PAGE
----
“In our opinion, a 90,000 delivery number in this COVID lockdown environment is a jaw dropper and the bulls will run with this as a potential paradigm changer moving ahead,” Wedbush analyst Daniel Ives wrote after the delivery numbers came out, calling the numbers a “major home run.” His research indicates that China “appeared to be the star of the show” in the second quarter, though Tesla didn’t provide any regional breakdowns in its release.
Other companies were putting their reopening plans on hold amid the spike in new cases. McDonald’s Corp.
paused the reopening of dine-in service and said it would wait at least three weeks before adding it to its current drive-through, takeout and delivery operations, the Wall Street Journal reported.
Apple Inc. said it is temporarily closing another 30 stores because of new cases, bringing the total to 77.
Here are the latest COVID-19 developments at companies:
• Alaska Air Group Inc.
has secured $1.2 billion in private funding while a subsidiary, McGee Air Services, a ground services company that operates independently, has received $30 million in loans from the Payroll Support Program (PSP) under the Coronavirus Aid, Relief and Economic Security (CARES) Act. Alaska Airlines and Horizon Air have also received $992 million, including a $725 million grant and a $267 million loan, that companies can use exclusively for employee wages and benefits through September 30. Alaska Air’s private loan will be funded on or around July 2, with the company using 61 of its planes as collateral. Series A, a $966 million portion of the loan, will be repaid by Aug. 15, 2027, and the $208 million in Series B will be repaid by Aug. 15, 2025.
• Citing a spike in the coronavirus pandemic, Apple Inc.
has decided to temporarily re-close 30 of its retail stores in the U.S., bringing the nationwide total to 77. The stores affected are in Alabama, California, Florida, Georgia, Idaho, Louisiana, Mississippi, Nevada, Oklahoma, Texas, and Utah. “Due to current COVID-19 conditions in some of the communities we serve, we are temporarily closing stores in these areas,” an Apple spokesperson said in a statement. “We take this step with an abundance of caution as we closely monitor the situation and we look forward to having our teams and customers back as soon as possible.”
• Centene Corp.
will create 6,000 new jobs and invest $1 billion in the Charlotte, North Carolina community over time, as the health care company builds a new East-Coast headquarters in the city. Construction of the new campus will begin in August. The first phase of construction is expected to be completed in the second half of 2022, and will accommodate about 3,000 employees. The next phase of construction will begin in 2024, and accommodate an additional 3,000 employees. Centene said it currently has nearly 600 employees in North Carolina.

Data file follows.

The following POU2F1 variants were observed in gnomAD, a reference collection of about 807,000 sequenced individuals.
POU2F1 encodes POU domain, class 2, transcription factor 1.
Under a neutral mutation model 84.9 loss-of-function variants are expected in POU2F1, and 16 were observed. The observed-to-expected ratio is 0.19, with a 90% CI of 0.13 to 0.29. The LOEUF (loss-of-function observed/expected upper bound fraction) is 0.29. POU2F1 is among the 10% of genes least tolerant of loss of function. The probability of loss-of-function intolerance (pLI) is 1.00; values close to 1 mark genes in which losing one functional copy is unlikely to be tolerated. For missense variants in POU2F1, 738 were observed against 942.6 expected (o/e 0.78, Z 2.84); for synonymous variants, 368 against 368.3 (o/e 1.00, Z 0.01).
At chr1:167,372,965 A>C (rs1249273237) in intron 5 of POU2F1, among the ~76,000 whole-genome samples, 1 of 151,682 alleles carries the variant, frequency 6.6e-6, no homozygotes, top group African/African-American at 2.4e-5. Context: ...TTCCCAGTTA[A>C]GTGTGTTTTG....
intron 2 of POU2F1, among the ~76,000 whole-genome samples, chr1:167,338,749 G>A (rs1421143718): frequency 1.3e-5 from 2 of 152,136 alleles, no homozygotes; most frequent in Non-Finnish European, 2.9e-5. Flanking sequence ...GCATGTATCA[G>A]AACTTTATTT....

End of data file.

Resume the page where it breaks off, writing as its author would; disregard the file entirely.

• FormFactor Inc.
the chip maker testing and equipment company, said the pandemic did not hurt sales as expected. The company expects second-quarter revenue of between $157 million and $161 million. Analysts surveyed by FactSet expect quarterly revenue of $145.1 million, or a 9.8% sequential decrease. “Our original May 6th estimate that revenue in the second quarter would be approximately 10% lower than in our first quarter contemplated some level of Covid-19 disruption in our manufacturing operations and our suppliers’ logistics chains,” said Mike Slessor, chief executive of FormFactor, in a statement. “We experienced no major disruptions in either, and as a result, we expect to report revenue higher than what we had originally anticipated.” The company is scheduled to report earnings on July 29.
• Forterra Inc.
the maker of water and drainage pipes, priced an upsized bond deal on Thursday, joining the many companies issuing debt during the pandemic. The Irving, Tx.-based company issued $500 million of senior secured notes that mature in 2025 at an interest rate of 6.50%. The original plan was to issue just $400 million of bonds. Proceeds will be used to repay part of the sum outstanding under a term loan facility. The company earlier this week issued guidance for the second quarter that was higher than expected.
• Nu Skin Enterprises Inc.
a maker of supplements and personal care products, expects second-quarter sales of $603 million to $608 million, above its previous forecast. That’s due to “strong global customer growth with particular strength in the Americas and Europe,” with online sales accounting for 80% of volume, Nu Skin said. The company had called for second-quarter sales between $520 million and $550 million previously. Nu Skin said it would report results and provide a full-year outlook on Aug. 5 after the bell. Analysts polled by FactSet expect Nu Skin to report adjusted earnings of 49 cents a share on sales of $541 million.
• Tailored Brands Inc.
subsidiary Men’s Wearhouse Inc. has not made interest payments due Wednesday of about $6.1 million on its 2022 senior notes, Tailored Brands said in a filing. Instead, the subsidiary and Tailored Brands have chosen to enter a 30-day grace period and could make the payment within that time frame, the company said. At the end of the grace period, a non-payment becomes an “event of default.” Tailored Brands did make interest payments on its credit facilities, it said. The company in early June said it had taken “decisive actions” to manage its liquidity and requested an extension to file quarterly results because of the “disruption” caused by the pandemic. Some 44% of its stores, which include Men’s Wearhouse and Jos. A. Bank, have reopened, it said. As of June 5, Tailored Brands had $201 million in cash and requested an extension to file quarterly results because of the “disruption” caused by the pandemic.
• Walmart Inc.
is partnering with Robert De Niro-backed Tribeca Enterprises to temporarily turn 160 of its U.S. store parking lots into drive-in movie theaters as the pandemic spoils summer plans for many. The retail giant will have a combined 320 family-friendly showings beginning in early August and running through October. Walmart will help with concessions as it will “make it easy for families to fill their picnic baskets by ordering their drive-in essentials online for curbside pickup on the way to their movie.” There are an estimated 315 drive-in movie theaters in the U.S., down from a peak of about 4,000 in the late 1950s, according to driveinmovie.com.